Sauger fish are freshwater members of the percidae family, along with perch and walleye. Cylindrical in body form, the sauger has a large horizontal mouth and well-developed pointed teeth. The back and top of the head are mottled brown to golden olive, the lips are less mottled and appear distinctly speckled, and the lower sides and venter are white or light cream. There are two dorsal fins, the first is spiny and the posterior dorsal is a soft-rayed fin. The caudal fin is spotted, often in rows. Sauger distribution within its home range varies by time of year because they are a migratory fish species, spawning up to fifty thousand eggs in spring and capable of periodic interspecies reproduction with walleye. Their diet consists of small fish.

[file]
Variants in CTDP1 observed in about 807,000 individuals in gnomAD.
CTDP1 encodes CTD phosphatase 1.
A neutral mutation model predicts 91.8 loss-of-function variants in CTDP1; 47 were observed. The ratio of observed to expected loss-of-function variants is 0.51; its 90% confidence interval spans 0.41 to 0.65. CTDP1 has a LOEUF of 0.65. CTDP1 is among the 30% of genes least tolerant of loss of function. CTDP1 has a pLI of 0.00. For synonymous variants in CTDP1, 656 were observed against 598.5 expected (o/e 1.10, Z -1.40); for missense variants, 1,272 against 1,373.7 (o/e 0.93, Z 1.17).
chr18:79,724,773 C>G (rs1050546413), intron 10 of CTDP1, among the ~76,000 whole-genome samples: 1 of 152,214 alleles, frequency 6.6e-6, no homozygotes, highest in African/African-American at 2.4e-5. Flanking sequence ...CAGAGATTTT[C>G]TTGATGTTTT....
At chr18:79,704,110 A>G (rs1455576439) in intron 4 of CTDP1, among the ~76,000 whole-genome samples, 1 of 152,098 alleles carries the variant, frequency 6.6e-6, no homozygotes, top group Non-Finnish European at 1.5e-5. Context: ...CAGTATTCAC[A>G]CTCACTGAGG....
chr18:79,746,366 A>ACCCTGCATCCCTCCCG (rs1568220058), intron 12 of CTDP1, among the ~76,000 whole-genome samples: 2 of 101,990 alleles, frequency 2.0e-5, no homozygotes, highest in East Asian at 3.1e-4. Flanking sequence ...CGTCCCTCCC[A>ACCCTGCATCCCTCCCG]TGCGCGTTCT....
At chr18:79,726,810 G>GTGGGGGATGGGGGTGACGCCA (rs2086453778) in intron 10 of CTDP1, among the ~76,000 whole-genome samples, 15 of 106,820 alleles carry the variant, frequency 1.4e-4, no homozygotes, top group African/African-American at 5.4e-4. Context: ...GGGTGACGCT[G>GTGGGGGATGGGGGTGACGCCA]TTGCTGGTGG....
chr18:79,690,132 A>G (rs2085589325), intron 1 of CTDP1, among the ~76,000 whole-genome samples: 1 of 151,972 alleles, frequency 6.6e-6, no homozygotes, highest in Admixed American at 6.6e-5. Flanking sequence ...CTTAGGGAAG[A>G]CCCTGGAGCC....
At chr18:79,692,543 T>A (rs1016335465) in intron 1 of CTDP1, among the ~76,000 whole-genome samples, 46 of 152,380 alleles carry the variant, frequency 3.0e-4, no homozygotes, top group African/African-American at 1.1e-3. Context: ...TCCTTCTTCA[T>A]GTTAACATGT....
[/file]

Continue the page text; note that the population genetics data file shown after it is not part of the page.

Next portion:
The sauger is found in large murky rivers or large shallow lakes, quiet backwaters over sand, mud, or bedrock substrates, usually at tributary mouths and in deeper tailwaters over rock and rubble substrate downstream of dams. They tend to avoid strong current runs and riffles.
The sauger is widely distributed throughout Canada, the Mississippi River basin and introduced in Atlantic slope tributaries, throughout the Ohio River, and the Tennessee River drainage as far south as Alabama.